If any errors are reported in the config (there is a schema validation step), fix it in the .jsonnet file, re-render the config, and try again.

Once it is done, you can test access to the new cluster with kubectl, after getting credentials via:

aws eks update-kubeconfig --name=<your-cluster-name> --region=<your-cluster-region>

kubectl should be able to find your cluster now! kubectl get node should show you at least one core node running.

Deploy Terraform-managed infrastructure#

Our AWS terraform code is now used to deploy supporting infrastructure for the EKS cluster, including:

  • An IAM identity account for use with our CI/CD system

  • Appropriately networked EFS storage to serve as an NFS server for hub home directories

  • Optionally, setup a shared database

  • Optionally, setup user buckets

We still store terraform state in GCP, so you also need to have gcloud set up and authenticated already.

  1. The steps in Generate cluster files will have created a default .tfvars file. This file can either be used as-is or edited to enable the optional features listed above.

  2. Initialise terraform for use with AWS:

    cd terraform/aws
    terraform init
    
  3. Create a new terraform workspace

    terraform workspace new <your-cluster-name>
    
  4. Deploy the terraform-managed infrastructure

    terraform plan -var-file projects/<your-cluster-name>.tfvars
    

    Observe the plan carefully, and accept it.

    terraform apply -var-file projects/<your-cluster-name>.tfvars
    

Export account credentials with finely scoped permissions for automatic deployment#

In the previous step, we will have created an AWS IAM user with just enough permissions for automatic deployment of hubs from CI/CD. Since these credentials are checked-in to our git repository and made public, they should have least amount of permissions possible.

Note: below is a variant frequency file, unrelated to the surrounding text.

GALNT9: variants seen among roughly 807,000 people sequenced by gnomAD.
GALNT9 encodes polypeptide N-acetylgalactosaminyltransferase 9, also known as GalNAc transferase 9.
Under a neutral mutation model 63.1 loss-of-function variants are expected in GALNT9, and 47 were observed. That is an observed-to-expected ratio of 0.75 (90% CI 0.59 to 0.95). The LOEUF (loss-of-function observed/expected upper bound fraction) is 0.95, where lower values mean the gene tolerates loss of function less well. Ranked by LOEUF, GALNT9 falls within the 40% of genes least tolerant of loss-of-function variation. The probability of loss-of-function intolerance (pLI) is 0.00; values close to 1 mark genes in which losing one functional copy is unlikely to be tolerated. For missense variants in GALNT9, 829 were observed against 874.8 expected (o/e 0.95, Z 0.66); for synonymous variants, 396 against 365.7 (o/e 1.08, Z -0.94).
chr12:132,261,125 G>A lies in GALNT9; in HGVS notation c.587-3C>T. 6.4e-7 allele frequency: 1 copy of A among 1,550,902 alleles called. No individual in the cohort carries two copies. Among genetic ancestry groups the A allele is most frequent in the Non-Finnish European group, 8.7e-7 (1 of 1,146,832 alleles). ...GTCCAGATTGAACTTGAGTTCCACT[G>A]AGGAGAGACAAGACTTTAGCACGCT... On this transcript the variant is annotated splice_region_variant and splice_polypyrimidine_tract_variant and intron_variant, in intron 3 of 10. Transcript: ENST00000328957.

1. First, make sure you are in the right terraform directory:

    cd terraform/aws
    
  2. Fetch credentials for automatic deployment

    terraform output -raw continuous_deployer_creds > ../../config/clusters/<your-cluster-name>/deployer-credentials.secret.json
    
  3. Encrypt the file storing the credentials

    sops --output ../../config/clusters/<your-cluster-name>/enc-deployer-credentials.secret.json --encrypt ../../config/clusters/<your-cluster-name>/deployer-credentials.secret.json
    
  4. Double check to make sure that the config/clusters/<your-cluster-name>/enc-deployer-credentials.secret.json file is actually encrypted by sops before checking it in to the git repo. Otherwise this can be a serious security leak!

    cat ../../config/clusters/<your-cluster-name>/enc-deployer-credentials.secret.json
    
  5. Grant the freshly created IAM user access to the kubernetes cluster.

    1. As this requires passing in some parameters that match the created cluster, we have a terraform output that can give you the exact command to run.

      terraform output -raw eksctl_iam_command
      
    2. Run the eksctl create iamidentitymapping command returned by terraform output. That should give the continuous deployer user access.

      The command should look like this:

      eksctl create iamidentitymapping \
         --cluster <your-cluster-name> \